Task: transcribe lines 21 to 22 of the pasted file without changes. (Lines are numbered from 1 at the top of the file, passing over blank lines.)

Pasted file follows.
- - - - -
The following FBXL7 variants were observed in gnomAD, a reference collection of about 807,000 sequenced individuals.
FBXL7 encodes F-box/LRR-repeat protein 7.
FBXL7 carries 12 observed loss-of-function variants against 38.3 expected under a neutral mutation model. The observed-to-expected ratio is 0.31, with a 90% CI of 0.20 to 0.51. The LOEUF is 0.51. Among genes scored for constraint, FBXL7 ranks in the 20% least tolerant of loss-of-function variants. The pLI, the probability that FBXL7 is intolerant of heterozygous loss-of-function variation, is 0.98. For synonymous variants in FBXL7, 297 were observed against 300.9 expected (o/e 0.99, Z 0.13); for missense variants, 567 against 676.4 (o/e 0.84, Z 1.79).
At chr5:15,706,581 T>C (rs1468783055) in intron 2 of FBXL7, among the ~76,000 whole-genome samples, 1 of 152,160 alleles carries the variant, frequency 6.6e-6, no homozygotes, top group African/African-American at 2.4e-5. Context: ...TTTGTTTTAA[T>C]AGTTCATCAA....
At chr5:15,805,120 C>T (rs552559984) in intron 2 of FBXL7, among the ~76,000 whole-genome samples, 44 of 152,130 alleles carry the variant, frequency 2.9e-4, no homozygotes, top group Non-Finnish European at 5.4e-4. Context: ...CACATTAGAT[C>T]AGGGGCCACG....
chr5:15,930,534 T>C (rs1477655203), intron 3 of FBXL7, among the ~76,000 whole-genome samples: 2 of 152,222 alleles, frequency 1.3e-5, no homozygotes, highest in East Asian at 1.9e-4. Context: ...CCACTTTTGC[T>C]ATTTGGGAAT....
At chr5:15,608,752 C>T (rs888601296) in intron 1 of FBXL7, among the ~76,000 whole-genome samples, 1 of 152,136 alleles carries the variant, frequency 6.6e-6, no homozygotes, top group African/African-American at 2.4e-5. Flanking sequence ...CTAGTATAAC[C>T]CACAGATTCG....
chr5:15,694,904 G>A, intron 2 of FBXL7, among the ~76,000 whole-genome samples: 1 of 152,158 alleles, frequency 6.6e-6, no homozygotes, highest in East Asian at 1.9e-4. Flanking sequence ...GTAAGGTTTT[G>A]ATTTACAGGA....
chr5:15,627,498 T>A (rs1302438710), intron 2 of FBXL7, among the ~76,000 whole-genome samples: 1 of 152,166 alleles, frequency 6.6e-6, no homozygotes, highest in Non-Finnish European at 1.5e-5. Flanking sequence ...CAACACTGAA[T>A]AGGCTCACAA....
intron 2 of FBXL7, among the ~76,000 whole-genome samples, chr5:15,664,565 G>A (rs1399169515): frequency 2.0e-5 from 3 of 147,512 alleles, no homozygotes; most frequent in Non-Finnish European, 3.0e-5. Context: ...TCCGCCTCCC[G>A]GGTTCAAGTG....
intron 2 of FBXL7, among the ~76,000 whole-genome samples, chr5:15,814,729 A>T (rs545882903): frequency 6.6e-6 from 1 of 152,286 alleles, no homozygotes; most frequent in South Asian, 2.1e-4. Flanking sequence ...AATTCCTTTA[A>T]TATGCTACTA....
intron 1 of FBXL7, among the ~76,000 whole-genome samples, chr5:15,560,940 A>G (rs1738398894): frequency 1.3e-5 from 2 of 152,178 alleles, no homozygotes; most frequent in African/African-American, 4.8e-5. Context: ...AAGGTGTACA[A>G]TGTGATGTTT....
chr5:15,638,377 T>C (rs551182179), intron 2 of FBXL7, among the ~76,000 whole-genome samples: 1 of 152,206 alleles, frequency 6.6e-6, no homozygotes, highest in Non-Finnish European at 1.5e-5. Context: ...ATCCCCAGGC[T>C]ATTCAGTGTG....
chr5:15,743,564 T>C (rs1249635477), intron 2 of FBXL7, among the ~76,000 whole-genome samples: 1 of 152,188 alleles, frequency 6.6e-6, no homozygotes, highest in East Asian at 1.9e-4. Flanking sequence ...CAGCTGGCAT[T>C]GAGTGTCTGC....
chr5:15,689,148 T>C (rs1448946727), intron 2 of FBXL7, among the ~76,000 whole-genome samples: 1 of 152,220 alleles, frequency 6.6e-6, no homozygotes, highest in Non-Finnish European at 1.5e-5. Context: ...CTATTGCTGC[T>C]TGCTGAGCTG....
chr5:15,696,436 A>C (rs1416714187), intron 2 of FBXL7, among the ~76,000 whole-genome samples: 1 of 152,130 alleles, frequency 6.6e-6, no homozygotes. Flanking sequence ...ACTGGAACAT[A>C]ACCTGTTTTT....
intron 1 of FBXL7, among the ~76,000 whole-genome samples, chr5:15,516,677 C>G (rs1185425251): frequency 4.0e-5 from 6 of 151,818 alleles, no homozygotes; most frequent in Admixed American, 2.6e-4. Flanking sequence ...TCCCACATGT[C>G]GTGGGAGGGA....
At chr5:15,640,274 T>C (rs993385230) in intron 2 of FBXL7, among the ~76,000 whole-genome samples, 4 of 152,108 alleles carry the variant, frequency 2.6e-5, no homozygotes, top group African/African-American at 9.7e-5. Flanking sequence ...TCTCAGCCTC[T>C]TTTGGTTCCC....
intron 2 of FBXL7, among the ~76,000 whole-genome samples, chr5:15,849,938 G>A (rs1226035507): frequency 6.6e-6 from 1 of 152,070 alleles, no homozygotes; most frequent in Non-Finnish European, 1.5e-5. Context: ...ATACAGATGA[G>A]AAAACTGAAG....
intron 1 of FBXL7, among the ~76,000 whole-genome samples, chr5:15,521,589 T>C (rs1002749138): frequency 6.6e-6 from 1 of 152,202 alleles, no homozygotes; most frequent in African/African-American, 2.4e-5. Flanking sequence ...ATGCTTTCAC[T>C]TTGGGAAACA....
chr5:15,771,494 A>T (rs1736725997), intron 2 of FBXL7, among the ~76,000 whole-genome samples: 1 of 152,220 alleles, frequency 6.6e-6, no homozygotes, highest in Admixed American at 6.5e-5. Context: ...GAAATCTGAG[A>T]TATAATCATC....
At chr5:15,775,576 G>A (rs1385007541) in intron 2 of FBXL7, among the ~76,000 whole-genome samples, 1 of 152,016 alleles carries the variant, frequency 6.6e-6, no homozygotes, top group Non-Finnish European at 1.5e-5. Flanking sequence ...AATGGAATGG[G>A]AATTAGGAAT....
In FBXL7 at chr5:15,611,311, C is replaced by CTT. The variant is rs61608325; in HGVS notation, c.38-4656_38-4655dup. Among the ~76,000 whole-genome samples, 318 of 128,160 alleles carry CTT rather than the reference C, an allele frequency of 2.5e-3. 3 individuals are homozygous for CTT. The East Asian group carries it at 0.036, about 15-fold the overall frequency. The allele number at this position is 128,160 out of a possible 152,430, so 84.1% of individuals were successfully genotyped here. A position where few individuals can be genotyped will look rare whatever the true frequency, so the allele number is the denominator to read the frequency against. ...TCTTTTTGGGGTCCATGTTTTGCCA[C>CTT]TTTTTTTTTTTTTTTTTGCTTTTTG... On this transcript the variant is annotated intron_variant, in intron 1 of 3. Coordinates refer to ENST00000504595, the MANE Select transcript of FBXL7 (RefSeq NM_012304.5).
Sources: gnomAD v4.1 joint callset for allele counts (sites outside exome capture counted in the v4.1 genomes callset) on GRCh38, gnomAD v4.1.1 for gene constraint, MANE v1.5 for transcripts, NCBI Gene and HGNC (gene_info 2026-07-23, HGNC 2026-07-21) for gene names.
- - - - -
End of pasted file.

chr5:15,771,494 A>T (rs1736725997), intron 2 of FBXL7, among the ~76,000 whole-genome samples: 1 of 152,220 alleles, frequency 6.6e-6, no homozygotes, highest in Admixed American at 6.5e-5. Context: ...GAAATCTGAG[A>T]TATAATCATC....
At chr5:15,775,576 G>A (rs1385007541) in intron 2 of FBXL7, among the ~76,000 whole-genome samples, 1 of 152,016 alleles carries the variant, frequency 6.6e-6, no homozygotes, top group Non-Finnish European at 1.5e-5. Flanking sequence ...AATGGAATGG[G>A]AATTAGGAAT....